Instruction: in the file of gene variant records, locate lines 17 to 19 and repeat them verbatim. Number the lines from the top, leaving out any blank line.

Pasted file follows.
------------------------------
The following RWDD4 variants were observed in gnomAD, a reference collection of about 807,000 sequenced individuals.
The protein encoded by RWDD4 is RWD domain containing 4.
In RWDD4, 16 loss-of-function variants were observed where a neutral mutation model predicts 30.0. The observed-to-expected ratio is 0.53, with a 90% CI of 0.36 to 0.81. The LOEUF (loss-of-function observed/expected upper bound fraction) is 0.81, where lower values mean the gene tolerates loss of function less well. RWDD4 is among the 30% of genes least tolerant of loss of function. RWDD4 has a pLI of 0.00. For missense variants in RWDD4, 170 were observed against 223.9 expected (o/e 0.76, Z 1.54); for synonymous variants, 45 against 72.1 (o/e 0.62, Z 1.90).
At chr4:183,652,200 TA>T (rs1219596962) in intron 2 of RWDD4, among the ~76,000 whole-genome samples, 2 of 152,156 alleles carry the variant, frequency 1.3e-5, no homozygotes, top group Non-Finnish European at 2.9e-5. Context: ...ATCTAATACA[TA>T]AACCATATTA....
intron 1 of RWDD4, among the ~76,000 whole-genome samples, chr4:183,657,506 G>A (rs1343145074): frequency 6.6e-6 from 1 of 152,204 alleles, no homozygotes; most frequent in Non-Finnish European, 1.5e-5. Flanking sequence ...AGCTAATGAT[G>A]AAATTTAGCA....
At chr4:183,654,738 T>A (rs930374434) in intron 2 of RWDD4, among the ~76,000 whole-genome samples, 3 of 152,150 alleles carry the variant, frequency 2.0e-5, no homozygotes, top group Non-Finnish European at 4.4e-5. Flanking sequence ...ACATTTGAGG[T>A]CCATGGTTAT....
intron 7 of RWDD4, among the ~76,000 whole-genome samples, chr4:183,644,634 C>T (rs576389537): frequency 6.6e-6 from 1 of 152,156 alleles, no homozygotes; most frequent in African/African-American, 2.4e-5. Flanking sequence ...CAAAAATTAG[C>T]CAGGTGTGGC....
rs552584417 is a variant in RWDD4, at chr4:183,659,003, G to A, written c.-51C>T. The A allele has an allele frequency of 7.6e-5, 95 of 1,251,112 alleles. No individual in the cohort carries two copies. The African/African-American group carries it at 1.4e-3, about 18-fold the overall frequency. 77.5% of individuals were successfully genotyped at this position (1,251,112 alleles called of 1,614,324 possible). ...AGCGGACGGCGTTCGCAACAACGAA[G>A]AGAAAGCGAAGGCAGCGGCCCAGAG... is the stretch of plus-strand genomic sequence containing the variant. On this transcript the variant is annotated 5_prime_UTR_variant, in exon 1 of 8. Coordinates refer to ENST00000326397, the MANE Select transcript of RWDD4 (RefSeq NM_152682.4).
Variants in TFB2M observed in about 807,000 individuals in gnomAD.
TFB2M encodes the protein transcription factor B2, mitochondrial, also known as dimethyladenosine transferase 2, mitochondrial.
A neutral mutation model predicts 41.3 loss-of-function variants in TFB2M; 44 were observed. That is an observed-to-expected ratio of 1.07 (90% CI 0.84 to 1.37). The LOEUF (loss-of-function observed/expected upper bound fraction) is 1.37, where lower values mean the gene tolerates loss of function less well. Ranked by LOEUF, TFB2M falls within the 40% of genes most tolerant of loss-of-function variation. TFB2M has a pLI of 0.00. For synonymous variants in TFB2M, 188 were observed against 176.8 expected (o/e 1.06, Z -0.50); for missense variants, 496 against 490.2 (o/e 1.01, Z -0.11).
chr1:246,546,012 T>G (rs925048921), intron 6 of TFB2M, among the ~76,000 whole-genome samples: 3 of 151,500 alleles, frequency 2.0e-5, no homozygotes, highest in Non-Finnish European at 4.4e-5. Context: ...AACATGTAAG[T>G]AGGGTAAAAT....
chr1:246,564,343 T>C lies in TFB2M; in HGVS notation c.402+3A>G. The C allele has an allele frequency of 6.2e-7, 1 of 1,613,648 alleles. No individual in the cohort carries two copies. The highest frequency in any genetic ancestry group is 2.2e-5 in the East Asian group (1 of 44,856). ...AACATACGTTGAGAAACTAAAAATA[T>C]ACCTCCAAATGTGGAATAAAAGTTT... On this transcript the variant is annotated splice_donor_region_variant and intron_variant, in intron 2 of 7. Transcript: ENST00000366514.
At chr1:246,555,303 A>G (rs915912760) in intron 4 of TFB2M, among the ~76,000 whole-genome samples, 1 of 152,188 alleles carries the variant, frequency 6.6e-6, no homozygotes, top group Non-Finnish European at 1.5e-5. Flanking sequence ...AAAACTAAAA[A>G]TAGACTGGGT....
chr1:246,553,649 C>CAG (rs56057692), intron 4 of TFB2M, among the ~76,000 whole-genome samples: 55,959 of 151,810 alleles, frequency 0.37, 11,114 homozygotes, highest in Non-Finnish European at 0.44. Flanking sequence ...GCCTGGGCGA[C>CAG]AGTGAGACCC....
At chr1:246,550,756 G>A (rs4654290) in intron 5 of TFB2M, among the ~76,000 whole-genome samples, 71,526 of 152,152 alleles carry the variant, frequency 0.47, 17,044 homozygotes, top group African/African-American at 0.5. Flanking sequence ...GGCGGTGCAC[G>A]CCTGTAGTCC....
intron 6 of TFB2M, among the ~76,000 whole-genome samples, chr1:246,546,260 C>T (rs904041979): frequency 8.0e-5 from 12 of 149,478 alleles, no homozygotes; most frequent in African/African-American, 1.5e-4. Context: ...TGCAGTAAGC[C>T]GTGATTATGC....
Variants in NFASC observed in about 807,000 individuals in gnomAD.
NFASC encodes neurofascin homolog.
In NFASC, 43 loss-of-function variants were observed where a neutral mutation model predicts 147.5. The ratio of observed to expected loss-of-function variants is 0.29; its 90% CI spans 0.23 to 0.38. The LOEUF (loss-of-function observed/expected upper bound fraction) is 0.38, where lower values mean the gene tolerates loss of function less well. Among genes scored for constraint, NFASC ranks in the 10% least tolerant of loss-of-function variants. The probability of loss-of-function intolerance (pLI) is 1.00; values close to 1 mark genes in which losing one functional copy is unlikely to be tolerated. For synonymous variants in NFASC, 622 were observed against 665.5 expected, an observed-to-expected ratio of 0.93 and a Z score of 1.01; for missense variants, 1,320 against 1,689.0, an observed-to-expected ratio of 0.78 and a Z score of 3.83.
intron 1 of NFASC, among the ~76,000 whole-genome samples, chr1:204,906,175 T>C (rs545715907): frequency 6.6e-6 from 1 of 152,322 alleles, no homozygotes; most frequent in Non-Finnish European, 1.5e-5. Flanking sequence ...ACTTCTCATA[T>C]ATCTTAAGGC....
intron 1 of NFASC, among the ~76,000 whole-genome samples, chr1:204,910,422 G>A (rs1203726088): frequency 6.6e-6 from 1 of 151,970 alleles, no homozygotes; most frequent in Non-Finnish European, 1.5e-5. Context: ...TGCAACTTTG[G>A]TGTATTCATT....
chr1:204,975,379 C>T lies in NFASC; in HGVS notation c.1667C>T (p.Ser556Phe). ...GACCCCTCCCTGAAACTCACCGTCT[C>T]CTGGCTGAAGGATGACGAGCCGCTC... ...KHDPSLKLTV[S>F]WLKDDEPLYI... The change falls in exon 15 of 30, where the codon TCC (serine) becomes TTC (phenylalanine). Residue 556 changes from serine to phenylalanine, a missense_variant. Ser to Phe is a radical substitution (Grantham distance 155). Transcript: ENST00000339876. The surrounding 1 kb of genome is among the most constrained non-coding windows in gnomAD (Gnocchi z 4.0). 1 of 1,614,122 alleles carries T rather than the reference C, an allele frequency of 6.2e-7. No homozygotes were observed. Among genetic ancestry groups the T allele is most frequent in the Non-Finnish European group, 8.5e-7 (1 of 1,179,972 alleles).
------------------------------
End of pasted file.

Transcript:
intron 6 of TFB2M, among the ~76,000 whole-genome samples, chr1:246,546,260 C>T (rs904041979): frequency 8.0e-5 from 12 of 149,478 alleles, no homozygotes; most frequent in African/African-American, 1.5e-4. Context: ...TGCAGTAAGC[C>T]GTGATTATGC....
Variants in NFASC observed in about 807,000 individuals in gnomAD.
NFASC encodes neurofascin homolog.